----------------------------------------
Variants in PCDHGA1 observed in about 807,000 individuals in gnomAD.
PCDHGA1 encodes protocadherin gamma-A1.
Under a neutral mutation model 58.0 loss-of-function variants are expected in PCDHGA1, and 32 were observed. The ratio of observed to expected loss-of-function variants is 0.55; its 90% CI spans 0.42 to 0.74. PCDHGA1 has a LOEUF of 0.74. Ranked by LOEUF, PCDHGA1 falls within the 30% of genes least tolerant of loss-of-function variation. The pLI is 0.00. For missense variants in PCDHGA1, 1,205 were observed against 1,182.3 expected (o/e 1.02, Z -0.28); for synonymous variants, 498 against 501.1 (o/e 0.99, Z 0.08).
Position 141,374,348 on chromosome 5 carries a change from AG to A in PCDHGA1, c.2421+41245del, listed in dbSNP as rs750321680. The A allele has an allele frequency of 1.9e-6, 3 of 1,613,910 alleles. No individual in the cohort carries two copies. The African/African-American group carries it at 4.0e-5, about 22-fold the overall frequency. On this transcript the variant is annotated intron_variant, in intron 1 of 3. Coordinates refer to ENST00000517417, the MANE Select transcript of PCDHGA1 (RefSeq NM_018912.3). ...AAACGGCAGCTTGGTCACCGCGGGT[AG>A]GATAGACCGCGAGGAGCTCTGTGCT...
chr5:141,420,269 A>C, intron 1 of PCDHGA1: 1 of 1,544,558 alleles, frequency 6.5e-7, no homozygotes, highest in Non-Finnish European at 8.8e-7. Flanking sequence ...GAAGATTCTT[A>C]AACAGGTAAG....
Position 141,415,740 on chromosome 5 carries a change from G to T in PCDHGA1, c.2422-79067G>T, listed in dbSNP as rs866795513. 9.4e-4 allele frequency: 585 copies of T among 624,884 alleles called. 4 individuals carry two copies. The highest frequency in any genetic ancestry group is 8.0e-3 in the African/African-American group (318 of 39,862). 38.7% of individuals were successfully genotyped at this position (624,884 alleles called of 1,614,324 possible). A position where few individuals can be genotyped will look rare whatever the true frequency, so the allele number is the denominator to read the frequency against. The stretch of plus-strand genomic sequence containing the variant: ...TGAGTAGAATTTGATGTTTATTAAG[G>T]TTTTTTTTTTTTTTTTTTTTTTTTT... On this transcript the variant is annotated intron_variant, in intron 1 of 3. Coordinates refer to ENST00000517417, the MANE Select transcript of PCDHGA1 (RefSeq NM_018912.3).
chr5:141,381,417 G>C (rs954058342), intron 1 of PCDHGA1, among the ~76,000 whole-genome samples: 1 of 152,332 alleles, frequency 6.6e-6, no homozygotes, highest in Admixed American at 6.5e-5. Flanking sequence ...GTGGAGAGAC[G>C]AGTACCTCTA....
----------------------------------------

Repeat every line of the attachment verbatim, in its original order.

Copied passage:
Variants in PCDHGA1 observed in about 807,000 individuals in gnomAD.
PCDHGA1 encodes protocadherin gamma-A1.
Under a neutral mutation model 58.0 loss-of-function variants are expected in PCDHGA1, and 32 were observed. The ratio of observed to expected loss-of-function variants is 0.55; its 90% CI spans 0.42 to 0.74. PCDHGA1 has a LOEUF of 0.74. Ranked by LOEUF, PCDHGA1 falls within the 30% of genes least tolerant of loss-of-function variation. The pLI is 0.00. For missense variants in PCDHGA1, 1,205 were observed against 1,182.3 expected (o/e 1.02, Z -0.28); for synonymous variants, 498 against 501.1 (o/e 0.99, Z 0.08).
Position 141,374,348 on chromosome 5 carries a change from AG to A in PCDHGA1, c.2421+41245del, listed in dbSNP as rs750321680. The A allele has an allele frequency of 1.9e-6, 3 of 1,613,910 alleles. No individual in the cohort carries two copies. The African/African-American group carries it at 4.0e-5, about 22-fold the overall frequency. On this transcript the variant is annotated intron_variant, in intron 1 of 3. Coordinates refer to ENST00000517417, the MANE Select transcript of PCDHGA1 (RefSeq NM_018912.3). ...AAACGGCAGCTTGGTCACCGCGGGT[AG>A]GATAGACCGCGAGGAGCTCTGTGCT...
chr5:141,420,269 A>C, intron 1 of PCDHGA1: 1 of 1,544,558 alleles, frequency 6.5e-7, no homozygotes, highest in Non-Finnish European at 8.8e-7. Flanking sequence ...GAAGATTCTT[A>C]AACAGGTAAG....
Position 141,415,740 on chromosome 5 carries a change from G to T in PCDHGA1, c.2422-79067G>T, listed in dbSNP as rs866795513. 9.4e-4 allele frequency: 585 copies of T among 624,884 alleles called. 4 individuals carry two copies. The highest frequency in any genetic ancestry group is 8.0e-3 in the African/African-American group (318 of 39,862). 38.7% of individuals were successfully genotyped at this position (624,884 alleles called of 1,614,324 possible). A position where few individuals can be genotyped will look rare whatever the true frequency, so the allele number is the denominator to read the frequency against. The stretch of plus-strand genomic sequence containing the variant: ...TGAGTAGAATTTGATGTTTATTAAG[G>T]TTTTTTTTTTTTTTTTTTTTTTTTT... On this transcript the variant is annotated intron_variant, in intron 1 of 3. Coordinates refer to ENST00000517417, the MANE Select transcript of PCDHGA1 (RefSeq NM_018912.3).
chr5:141,381,417 G>C (rs954058342), intron 1 of PCDHGA1, among the ~76,000 whole-genome samples: 1 of 152,332 alleles, frequency 6.6e-6, no homozygotes, highest in Admixed American at 6.5e-5. Flanking sequence ...GTGGAGAGAC[G>C]AGTACCTCTA....